Live Your Golden Years in Abundance, No Matter What Age You Started Planning for Them

Everyone wants financial independence—having enough personal wealth to be able to live comfortably and have all basic necessities covered without having to actively work for them. In order to never outlive your money, and even leave some behind for your loved ones, be sure to avoid these 7 far-too-common financial land mines:

Money Mistake #1: Overconfidence in Your Investing Skills

Highly regarded economists have shown that a portfolio of randomly chosen stocks can perform as well as a carefully assembled one. Yes, you may be able to beat the market, but you’re more likely to do so through luck. If you are relying on your investing skill to fund your retirement, you should be worried.

Money Mistake #2: Ignoring Safe Financial Vehicles

Aside from maintaining a 401(k), investing your money into assets like stocks, bonds and other investments that create profits is a big help to realizing financial freedom—but make sure a healthy portion of your money is in Safe Investments where you never lose principle, like equity index annuities with income riders.

Money Mistake #3: Retiring Too Early

Consider a typical 62-year-old nearing retirement. By remaining employed three or four more years, she could potentially boost her retirement income by almost 25% because of the exponential nature of compounding interest. You should carefully consider the impact of working just a few more years before you retire.

Money Mistake #4: Not Having a Current Will or Living Trust

You need to have your wishes laid out in detail. A Living Trust will help you avoid probate, which is court that takes money and fees out before your family receives it. With a Living Trust, you are in control of making critical decisions about who inherits your property and your portfolio (instead of the court system). Not having this could cost your heirs a bundle in easily avoidable estate taxes.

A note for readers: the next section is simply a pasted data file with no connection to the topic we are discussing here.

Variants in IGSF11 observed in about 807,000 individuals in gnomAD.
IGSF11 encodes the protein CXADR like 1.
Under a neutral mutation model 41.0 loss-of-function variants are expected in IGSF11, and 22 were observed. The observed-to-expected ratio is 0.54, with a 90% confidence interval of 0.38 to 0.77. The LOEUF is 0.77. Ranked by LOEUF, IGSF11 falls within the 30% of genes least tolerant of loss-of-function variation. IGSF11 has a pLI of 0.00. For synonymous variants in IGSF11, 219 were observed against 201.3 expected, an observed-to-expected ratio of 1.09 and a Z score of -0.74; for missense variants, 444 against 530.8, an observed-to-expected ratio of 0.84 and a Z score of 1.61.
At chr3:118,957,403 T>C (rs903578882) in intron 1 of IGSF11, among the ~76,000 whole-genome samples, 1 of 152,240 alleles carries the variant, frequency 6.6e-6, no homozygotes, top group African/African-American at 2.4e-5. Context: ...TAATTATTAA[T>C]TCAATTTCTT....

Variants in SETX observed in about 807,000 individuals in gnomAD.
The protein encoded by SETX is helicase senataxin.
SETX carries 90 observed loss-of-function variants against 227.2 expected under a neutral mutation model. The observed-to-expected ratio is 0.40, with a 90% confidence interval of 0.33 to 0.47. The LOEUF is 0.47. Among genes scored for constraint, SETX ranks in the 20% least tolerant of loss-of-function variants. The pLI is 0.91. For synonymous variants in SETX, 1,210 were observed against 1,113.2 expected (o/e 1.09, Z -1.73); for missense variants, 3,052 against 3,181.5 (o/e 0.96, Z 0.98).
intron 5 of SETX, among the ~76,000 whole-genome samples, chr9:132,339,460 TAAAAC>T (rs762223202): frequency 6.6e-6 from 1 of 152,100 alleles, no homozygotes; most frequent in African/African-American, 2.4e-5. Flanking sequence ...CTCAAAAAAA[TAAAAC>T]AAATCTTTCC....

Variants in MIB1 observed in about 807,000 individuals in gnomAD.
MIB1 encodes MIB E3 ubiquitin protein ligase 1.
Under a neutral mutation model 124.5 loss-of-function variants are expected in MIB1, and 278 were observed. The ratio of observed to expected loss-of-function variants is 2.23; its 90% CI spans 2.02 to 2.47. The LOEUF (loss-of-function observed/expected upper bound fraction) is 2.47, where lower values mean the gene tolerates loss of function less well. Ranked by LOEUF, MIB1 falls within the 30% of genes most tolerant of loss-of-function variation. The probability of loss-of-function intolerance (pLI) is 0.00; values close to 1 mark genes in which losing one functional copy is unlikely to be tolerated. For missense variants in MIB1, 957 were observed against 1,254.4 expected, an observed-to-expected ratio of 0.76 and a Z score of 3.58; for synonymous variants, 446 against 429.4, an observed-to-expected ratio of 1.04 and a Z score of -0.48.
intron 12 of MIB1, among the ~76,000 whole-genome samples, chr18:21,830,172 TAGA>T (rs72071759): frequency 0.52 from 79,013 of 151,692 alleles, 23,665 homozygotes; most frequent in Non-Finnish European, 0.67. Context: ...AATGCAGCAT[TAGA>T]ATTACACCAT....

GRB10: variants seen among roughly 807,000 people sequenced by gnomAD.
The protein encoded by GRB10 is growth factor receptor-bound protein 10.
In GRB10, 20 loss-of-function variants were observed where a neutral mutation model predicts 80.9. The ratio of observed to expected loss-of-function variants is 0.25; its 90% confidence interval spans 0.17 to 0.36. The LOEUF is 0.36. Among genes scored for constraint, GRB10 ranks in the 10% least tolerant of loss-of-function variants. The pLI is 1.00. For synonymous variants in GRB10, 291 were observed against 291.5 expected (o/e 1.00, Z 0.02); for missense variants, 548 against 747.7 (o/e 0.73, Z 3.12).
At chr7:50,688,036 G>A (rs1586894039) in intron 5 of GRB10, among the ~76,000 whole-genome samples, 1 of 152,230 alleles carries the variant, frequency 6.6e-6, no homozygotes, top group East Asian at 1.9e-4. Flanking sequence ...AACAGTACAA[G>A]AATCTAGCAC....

Money Mistake #5: Remarrying Without a Prenuptial Agreement

52% of first marriages end in divorce. A prenup is even more important the second time around. Prenups can protect one spouse when the other is strapped with financial obligations like college tuition, child support, and caring for elderly parents. It ensures that each party will take financial responsibility for the children upon the death of the parent. Another significant benefit of a prenup is that it can limit or waive the other’s right to a statutory share of each other’s estate.

Money Mistake #6: You Don’t Have a Plan For Emergencies

If you have minor children you should set up a guardianship in case of emergency. A guardian is a person (or persons) who will make personal and financial decisions for your children if you are no longer living or are incapacitated and can no longer take care of them. When a parent dies and there is nobody appointed to handle the affairs of the children, the courts will choose someone for you.

Money Mistake #7: You Haven’t Given Someone Power of Attorney to Make Financial Decisions if Something Happens to You

Power of Attorney is a document that authorizes someone you trust to make financial and legal decisions for you if you can’t make them yourself. Legal and financial decisions are completely separate from healthcare decisions. You need Power of Attorney for both, no matter what age you are.

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